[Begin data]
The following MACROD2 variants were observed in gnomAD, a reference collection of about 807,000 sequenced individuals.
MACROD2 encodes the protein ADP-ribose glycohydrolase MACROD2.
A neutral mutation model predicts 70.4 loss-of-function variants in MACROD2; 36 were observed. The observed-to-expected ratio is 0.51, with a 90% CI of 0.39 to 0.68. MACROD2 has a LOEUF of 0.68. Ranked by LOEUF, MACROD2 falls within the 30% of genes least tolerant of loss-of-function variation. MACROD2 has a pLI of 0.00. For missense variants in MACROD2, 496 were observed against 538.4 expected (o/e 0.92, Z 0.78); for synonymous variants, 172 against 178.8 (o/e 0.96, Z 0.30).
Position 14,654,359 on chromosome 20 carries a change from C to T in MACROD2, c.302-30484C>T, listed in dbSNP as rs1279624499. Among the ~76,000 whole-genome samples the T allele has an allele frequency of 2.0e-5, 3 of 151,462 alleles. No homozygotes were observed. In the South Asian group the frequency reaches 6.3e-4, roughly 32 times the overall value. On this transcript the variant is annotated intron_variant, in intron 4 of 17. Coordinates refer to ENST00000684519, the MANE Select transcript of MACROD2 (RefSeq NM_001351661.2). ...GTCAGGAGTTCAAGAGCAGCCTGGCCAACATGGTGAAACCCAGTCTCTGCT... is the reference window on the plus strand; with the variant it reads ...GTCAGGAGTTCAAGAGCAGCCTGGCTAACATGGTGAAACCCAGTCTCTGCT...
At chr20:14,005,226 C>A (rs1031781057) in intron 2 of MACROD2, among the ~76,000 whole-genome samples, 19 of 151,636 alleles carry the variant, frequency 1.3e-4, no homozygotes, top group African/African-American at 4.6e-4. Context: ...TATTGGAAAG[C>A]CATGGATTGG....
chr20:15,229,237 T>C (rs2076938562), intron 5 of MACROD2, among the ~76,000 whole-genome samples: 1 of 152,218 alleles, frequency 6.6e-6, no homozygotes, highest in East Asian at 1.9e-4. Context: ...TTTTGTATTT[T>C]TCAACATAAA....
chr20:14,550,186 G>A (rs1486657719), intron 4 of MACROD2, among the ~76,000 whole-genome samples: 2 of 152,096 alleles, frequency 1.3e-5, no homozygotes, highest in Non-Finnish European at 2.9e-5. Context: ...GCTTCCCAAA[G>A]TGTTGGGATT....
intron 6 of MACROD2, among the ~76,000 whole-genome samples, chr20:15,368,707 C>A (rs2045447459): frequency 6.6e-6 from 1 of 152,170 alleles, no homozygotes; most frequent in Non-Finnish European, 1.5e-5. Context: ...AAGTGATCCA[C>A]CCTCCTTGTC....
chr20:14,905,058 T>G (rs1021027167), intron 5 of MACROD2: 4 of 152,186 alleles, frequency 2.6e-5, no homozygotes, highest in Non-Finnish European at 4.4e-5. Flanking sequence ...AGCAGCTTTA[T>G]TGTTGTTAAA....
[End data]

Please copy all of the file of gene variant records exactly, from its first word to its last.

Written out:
The following MACROD2 variants were observed in gnomAD, a reference collection of about 807,000 sequenced individuals.
MACROD2 encodes the protein ADP-ribose glycohydrolase MACROD2.
A neutral mutation model predicts 70.4 loss-of-function variants in MACROD2; 36 were observed. The observed-to-expected ratio is 0.51, with a 90% CI of 0.39 to 0.68. MACROD2 has a LOEUF of 0.68. Ranked by LOEUF, MACROD2 falls within the 30% of genes least tolerant of loss-of-function variation. MACROD2 has a pLI of 0.00. For missense variants in MACROD2, 496 were observed against 538.4 expected (o/e 0.92, Z 0.78); for synonymous variants, 172 against 178.8 (o/e 0.96, Z 0.30).
Position 14,654,359 on chromosome 20 carries a change from C to T in MACROD2, c.302-30484C>T, listed in dbSNP as rs1279624499. Among the ~76,000 whole-genome samples the T allele has an allele frequency of 2.0e-5, 3 of 151,462 alleles. No homozygotes were observed. In the South Asian group the frequency reaches 6.3e-4, roughly 32 times the overall value. On this transcript the variant is annotated intron_variant, in intron 4 of 17. Coordinates refer to ENST00000684519, the MANE Select transcript of MACROD2 (RefSeq NM_001351661.2). ...GTCAGGAGTTCAAGAGCAGCCTGGCCAACATGGTGAAACCCAGTCTCTGCT... is the reference window on the plus strand; with the variant it reads ...GTCAGGAGTTCAAGAGCAGCCTGGCTAACATGGTGAAACCCAGTCTCTGCT...
At chr20:14,005,226 C>A (rs1031781057) in intron 2 of MACROD2, among the ~76,000 whole-genome samples, 19 of 151,636 alleles carry the variant, frequency 1.3e-4, no homozygotes, top group African/African-American at 4.6e-4. Context: ...TATTGGAAAG[C>A]CATGGATTGG....
chr20:15,229,237 T>C (rs2076938562), intron 5 of MACROD2, among the ~76,000 whole-genome samples: 1 of 152,218 alleles, frequency 6.6e-6, no homozygotes, highest in East Asian at 1.9e-4. Context: ...TTTTGTATTT[T>C]TCAACATAAA....
chr20:14,550,186 G>A (rs1486657719), intron 4 of MACROD2, among the ~76,000 whole-genome samples: 2 of 152,096 alleles, frequency 1.3e-5, no homozygotes, highest in Non-Finnish European at 2.9e-5. Context: ...GCTTCCCAAA[G>A]TGTTGGGATT....
intron 6 of MACROD2, among the ~76,000 whole-genome samples, chr20:15,368,707 C>A (rs2045447459): frequency 6.6e-6 from 1 of 152,170 alleles, no homozygotes; most frequent in Non-Finnish European, 1.5e-5. Context: ...AAGTGATCCA[C>A]CCTCCTTGTC....
chr20:14,905,058 T>G (rs1021027167), intron 5 of MACROD2: 4 of 152,186 alleles, frequency 2.6e-5, no homozygotes, highest in Non-Finnish European at 4.4e-5. Flanking sequence ...AGCAGCTTTA[T>G]TGTTGTTAAA....